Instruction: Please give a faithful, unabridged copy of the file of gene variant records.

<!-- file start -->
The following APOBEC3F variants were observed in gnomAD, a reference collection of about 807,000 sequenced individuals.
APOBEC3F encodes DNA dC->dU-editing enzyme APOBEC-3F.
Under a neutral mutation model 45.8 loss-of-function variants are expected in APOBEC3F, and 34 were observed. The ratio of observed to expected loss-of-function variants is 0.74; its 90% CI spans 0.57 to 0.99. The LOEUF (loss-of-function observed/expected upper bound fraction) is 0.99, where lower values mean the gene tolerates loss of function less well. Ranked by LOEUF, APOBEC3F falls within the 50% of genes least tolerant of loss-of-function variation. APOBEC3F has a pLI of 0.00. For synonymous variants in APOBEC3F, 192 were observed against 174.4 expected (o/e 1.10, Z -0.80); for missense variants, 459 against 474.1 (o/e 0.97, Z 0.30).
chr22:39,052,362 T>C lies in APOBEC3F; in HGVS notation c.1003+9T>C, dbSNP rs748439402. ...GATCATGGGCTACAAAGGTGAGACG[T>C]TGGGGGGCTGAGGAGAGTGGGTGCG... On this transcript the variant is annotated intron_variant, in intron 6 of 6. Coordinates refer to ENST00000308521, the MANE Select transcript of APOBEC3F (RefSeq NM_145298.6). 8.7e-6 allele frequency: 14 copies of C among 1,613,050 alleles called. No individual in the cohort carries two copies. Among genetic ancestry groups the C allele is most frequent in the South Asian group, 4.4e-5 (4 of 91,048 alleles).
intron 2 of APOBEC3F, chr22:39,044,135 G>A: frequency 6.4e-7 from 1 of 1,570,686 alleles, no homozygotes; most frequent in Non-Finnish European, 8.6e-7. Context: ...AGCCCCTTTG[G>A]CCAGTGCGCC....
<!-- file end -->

The following APOBEC3F variants were observed in gnomAD, a reference collection of about 807,000 sequenced individuals.
APOBEC3F encodes DNA dC->dU-editing enzyme APOBEC-3F.
Under a neutral mutation model 45.8 loss-of-function variants are expected in APOBEC3F, and 34 were observed. The ratio of observed to expected loss-of-function variants is 0.74; its 90% CI spans 0.57 to 0.99. The LOEUF (loss-of-function observed/expected upper bound fraction) is 0.99, where lower values mean the gene tolerates loss of function less well. Ranked by LOEUF, APOBEC3F falls within the 50% of genes least tolerant of loss-of-function variation. APOBEC3F has a pLI of 0.00. For synonymous variants in APOBEC3F, 192 were observed against 174.4 expected (o/e 1.10, Z -0.80); for missense variants, 459 against 474.1 (o/e 0.97, Z 0.30).
chr22:39,052,362 T>C lies in APOBEC3F; in HGVS notation c.1003+9T>C, dbSNP rs748439402. ...GATCATGGGCTACAAAGGTGAGACG[T>C]TGGGGGGCTGAGGAGAGTGGGTGCG... On this transcript the variant is annotated intron_variant, in intron 6 of 6. Coordinates refer to ENST00000308521, the MANE Select transcript of APOBEC3F (RefSeq NM_145298.6). 8.7e-6 allele frequency: 14 copies of C among 1,613,050 alleles called. No individual in the cohort carries two copies. Among genetic ancestry groups the C allele is most frequent in the South Asian group, 4.4e-5 (4 of 91,048 alleles).
intron 2 of APOBEC3F, chr22:39,044,135 G>A: frequency 6.4e-7 from 1 of 1,570,686 alleles, no homozygotes; most frequent in Non-Finnish European, 8.6e-7. Context: ...AGCCCCTTTG[G>A]CCAGTGCGCC....